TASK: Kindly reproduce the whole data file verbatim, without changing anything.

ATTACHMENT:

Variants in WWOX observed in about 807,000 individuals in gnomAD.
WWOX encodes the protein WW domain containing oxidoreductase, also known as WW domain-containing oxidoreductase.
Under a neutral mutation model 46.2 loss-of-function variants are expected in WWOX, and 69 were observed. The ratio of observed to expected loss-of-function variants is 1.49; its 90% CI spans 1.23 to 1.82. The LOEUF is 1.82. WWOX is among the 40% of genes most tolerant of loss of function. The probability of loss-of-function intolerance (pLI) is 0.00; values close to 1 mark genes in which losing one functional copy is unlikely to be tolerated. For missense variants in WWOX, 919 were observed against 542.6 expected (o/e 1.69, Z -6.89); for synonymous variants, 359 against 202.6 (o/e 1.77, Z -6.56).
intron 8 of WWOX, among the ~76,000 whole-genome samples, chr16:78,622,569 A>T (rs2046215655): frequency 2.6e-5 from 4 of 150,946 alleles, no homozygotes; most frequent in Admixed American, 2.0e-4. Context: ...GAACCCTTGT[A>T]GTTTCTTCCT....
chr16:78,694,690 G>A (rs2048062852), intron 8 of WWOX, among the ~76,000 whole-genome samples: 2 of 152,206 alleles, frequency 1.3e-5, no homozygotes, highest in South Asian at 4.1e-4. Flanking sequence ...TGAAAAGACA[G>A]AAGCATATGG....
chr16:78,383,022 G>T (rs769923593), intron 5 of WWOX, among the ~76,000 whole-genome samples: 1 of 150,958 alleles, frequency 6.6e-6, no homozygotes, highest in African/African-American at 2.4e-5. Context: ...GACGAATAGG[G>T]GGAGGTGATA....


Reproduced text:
Variants in WWOX observed in about 807,000 individuals in gnomAD.
WWOX encodes the protein WW domain containing oxidoreductase, also known as WW domain-containing oxidoreductase.
Under a neutral mutation model 46.2 loss-of-function variants are expected in WWOX, and 69 were observed. The ratio of observed to expected loss-of-function variants is 1.49; its 90% CI spans 1.23 to 1.82. The LOEUF is 1.82. WWOX is among the 40% of genes most tolerant of loss of function. The probability of loss-of-function intolerance (pLI) is 0.00; values close to 1 mark genes in which losing one functional copy is unlikely to be tolerated. For missense variants in WWOX, 919 were observed against 542.6 expected (o/e 1.69, Z -6.89); for synonymous variants, 359 against 202.6 (o/e 1.77, Z -6.56).
intron 8 of WWOX, among the ~76,000 whole-genome samples, chr16:78,622,569 A>T (rs2046215655): frequency 2.6e-5 from 4 of 150,946 alleles, no homozygotes; most frequent in Admixed American, 2.0e-4. Context: ...GAACCCTTGT[A>T]GTTTCTTCCT....
chr16:78,694,690 G>A (rs2048062852), intron 8 of WWOX, among the ~76,000 whole-genome samples: 2 of 152,206 alleles, frequency 1.3e-5, no homozygotes, highest in South Asian at 4.1e-4. Flanking sequence ...TGAAAAGACA[G>A]AAGCATATGG....
chr16:78,383,022 G>T (rs769923593), intron 5 of WWOX, among the ~76,000 whole-genome samples: 1 of 150,958 alleles, frequency 6.6e-6, no homozygotes, highest in African/African-American at 2.4e-5. Context: ...GACGAATAGG[G>T]GGAGGTGATA....